Medical Marijuana and Medicare: Could Cannabis Save Medicare?

Mary Mart

As we’ve written elsewhere, cannabis is so many different things to so many different people: An illegal and dangerous “gateway” drug; a medical miracle worker; an all-natural and safe shortcut to rest and relaxation; or all of the above?

Regardless of your stance on cannabis and whether or not it plays a role in your life, one very significant—and, we feel, underreported—impact it’s having is on the white-hot debate on healthcare in the United States.

Because it does such a stellar job of reducing patients’ reliance on opioids and other socially—and financially—costly drugs, cannabis saves health care systems like Medicare money—a lot of it.

Medicare: A Primer

Though the future of national health insurance is very much an open topic, Medicare—the social insurance program administered by the federal government as a safety net for Americans age 65 and older—is here to stay, at least for the foreseeable future.

First instituted in 1966 under President Lyndon B. Johnson, Medicare had several immediate impacts. Before its creation, health care was often unavailable or unaffordable for older citizens, so the program brought immediate relief to a large and medically underserved portion of the population.

Significantly, according to Wikipedia, “Medicare spurred the racial integration of thousands of waiting rooms, hospital floors, and physician practices, by making payments to health care providers conditional on desegregation.”

Since then, the program has undergone many tweaks and alterations, including “Part D,” an addendum under then-President George W. Bush that added significant drug coverage benefits to the program. As drug prices continue to grow, this has special bearing on the potential role of cannabis in mitigating some of these costs.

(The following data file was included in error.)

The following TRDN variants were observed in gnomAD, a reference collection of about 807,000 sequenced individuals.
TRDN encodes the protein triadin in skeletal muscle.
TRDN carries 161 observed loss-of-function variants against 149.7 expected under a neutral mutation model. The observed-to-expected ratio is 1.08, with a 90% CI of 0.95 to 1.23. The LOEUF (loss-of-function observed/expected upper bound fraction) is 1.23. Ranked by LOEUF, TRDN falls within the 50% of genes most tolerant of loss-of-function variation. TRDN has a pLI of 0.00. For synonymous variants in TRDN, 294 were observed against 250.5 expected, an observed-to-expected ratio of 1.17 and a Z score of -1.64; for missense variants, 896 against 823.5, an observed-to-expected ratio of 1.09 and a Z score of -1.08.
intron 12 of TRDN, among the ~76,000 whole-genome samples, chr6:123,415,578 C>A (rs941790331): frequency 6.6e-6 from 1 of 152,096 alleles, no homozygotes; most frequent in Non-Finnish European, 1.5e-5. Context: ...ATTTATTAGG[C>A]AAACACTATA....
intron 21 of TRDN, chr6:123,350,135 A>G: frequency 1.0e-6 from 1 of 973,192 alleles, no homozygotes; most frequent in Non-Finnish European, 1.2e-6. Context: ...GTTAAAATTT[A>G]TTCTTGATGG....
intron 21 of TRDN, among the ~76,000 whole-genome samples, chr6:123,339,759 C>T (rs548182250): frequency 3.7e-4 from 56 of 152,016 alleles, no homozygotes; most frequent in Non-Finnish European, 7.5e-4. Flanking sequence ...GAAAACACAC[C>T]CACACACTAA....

Medical Marijuana and Medicare: The Impact in Dollars and Cents

Since 2000, prescription drug costs have risen most years, sometimes by double-digit leaps. After 2010, the country experienced a few years of more modest price increases—and even a couple of years of decreases—before spiking upwards again in 2014.

While it didn’t focus specifically on Medicare, an article published earlier this year on forbes.com suggested that had all states legalized medical marijuana in that year, Medicaid—the government program similar to Medicare, and the largest source of funding for medical and health-related services for people with low income in the United States—would have saved at least $1 billion, and perhaps as much as $3.89 billion.

And that’s only the tip of the iceberg; the study the article references points out that, had other factors, like individual states’ approved conditions, remained consistent, the dollar amount could be even greater, as in “multiple billions” higher. (It should be pointed out that other estimates put the potential savings at a lower figure, “only” half a billion dollars.)

For Enemies of Cannabis Legalization, It’s the Financial Incentive, Not a Moral Imperative

While bolstering our fragile national healthcare system and saving billions may sound like a win-win, not all parties see it the same way. As a policy analysis in the Washington Post points out, the drop in opioid prescriptions in medical-marijuana states has spurred pharmaceutical companies to fight legalization by funding anti-cannabis academics and lobbying federal agencies to halt liberalization efforts.

This opposition by pharmaceutical companies to fight legalization is worrisome, though hardly a surprising development. While the state-by-state legalization of cannabis shows no signs of abating, the current administration’s anti-cannabis (and broadly pro-lobbyist stance) provide fertile ground for pharmaceutical advocates. For our part, we’re remembering to contact our representatives about our concerns, and keeping a watchful eye on the news.

Comment

There is no comment on this post. Be the first one.

Leave a comment